Then, months later, sitting on my favorite beach, another lightning bolt struck me. This one showed me why I wasn't moving. I couldn't move. This project, as fantastic as it was, was not the right idea for me. I had the wrong set of skills to truly make it succeed. That's why I was stuck. This was a great idea. But it was a great idea for someone else.

Was this a waste of time? Heck no. During those two years, I improved skills and gained a tremendous amount of confidence. I also became much better at recognizing which of the many ideas that float through my brain are worth keeping. Would I do it again? Probably. Can I save you two years of your life? Let's try.

Here's what I learned:
  • Have a physical home for your ideas. A computer file, a journal or an audio file on your device. When you have an idea, stick it in there. Write or say everything; don't edit. Put it all down. This makes the idea real. It also frees up your brain so you can use the free space to continue developing the idea.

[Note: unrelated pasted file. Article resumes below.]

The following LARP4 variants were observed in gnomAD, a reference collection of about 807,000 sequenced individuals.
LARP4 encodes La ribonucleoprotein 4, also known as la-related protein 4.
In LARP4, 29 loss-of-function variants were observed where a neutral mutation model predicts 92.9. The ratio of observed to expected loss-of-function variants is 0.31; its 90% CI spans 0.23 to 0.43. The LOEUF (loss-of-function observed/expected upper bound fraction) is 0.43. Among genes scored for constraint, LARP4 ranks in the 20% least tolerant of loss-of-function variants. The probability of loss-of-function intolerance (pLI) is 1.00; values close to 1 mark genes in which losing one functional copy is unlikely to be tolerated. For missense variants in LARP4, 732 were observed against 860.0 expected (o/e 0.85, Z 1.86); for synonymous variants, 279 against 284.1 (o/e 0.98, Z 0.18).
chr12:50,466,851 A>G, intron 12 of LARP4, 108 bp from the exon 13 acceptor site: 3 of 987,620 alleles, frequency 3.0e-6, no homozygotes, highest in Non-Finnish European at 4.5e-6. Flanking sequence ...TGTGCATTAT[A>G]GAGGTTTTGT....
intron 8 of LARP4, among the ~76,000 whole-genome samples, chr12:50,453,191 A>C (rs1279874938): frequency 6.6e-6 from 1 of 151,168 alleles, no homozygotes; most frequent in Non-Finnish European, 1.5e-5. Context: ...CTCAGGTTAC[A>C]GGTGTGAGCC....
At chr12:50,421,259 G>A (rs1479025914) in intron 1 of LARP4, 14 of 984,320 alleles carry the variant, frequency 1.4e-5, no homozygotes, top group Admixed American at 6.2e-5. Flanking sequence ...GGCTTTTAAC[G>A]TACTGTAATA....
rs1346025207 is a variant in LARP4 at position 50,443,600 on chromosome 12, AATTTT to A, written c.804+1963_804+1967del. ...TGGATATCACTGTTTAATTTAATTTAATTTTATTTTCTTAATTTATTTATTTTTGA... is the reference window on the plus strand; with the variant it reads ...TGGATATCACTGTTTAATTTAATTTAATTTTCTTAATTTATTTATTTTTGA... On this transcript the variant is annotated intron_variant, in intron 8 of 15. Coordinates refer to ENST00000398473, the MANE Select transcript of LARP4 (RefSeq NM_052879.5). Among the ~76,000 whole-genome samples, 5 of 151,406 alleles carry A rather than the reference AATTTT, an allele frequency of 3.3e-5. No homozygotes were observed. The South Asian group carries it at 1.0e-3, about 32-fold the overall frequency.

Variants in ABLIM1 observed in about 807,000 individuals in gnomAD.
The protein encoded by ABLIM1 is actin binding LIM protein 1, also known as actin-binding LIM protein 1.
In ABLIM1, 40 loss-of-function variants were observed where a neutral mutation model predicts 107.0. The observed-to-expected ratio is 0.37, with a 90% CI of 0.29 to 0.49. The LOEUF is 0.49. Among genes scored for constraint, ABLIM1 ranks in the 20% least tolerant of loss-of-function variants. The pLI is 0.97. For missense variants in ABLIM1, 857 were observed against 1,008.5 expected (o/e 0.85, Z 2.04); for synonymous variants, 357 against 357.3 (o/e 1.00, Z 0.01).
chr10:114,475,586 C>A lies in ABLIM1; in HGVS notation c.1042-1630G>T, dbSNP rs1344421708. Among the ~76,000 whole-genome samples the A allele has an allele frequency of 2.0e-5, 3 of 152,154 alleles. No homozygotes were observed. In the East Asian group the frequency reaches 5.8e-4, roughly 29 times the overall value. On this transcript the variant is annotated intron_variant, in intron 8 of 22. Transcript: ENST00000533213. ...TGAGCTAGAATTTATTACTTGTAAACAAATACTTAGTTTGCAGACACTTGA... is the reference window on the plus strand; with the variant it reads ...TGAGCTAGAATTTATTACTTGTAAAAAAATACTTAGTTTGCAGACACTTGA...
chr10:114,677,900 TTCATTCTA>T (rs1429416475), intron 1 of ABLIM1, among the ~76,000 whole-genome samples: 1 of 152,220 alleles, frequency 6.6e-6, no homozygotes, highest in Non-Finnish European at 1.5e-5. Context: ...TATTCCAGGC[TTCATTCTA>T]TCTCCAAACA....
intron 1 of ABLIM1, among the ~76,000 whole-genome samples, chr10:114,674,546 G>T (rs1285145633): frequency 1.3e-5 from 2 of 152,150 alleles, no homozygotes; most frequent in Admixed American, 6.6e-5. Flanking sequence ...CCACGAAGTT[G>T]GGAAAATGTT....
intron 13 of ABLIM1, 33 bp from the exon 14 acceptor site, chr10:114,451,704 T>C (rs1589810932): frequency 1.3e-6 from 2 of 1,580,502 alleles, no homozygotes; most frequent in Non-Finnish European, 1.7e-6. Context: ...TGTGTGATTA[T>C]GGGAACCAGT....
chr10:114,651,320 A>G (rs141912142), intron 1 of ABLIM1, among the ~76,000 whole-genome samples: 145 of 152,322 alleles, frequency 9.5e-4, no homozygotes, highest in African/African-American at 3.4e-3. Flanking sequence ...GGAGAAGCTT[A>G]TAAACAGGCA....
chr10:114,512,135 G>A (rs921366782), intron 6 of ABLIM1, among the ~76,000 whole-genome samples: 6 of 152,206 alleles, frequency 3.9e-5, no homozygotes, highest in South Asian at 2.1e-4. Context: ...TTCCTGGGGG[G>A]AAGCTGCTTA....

• Leave it alone. Once you've recorded as much of the idea as you can, step back. Don't think about it and don't discuss it. Not yet.
  • Sleep on it. If it is back first thing in the morning, and I mean first thing, like right after putting your feet on the floor, it's definitely worth pursuing. If it comes in the first two hours, I still honor it. If it doesn't come back before lunch, I let it go.
  • Does this idea excite and scare you at the same time? Can you not stop thinking about it? That's probably a good one.
  • Okay, you've recorded the idea somewhere. You've left it alone. You've slept on it. You're still excited about it. Time to develop a plan of attack. Write down 10 steps that you need to take to bring this idea to life.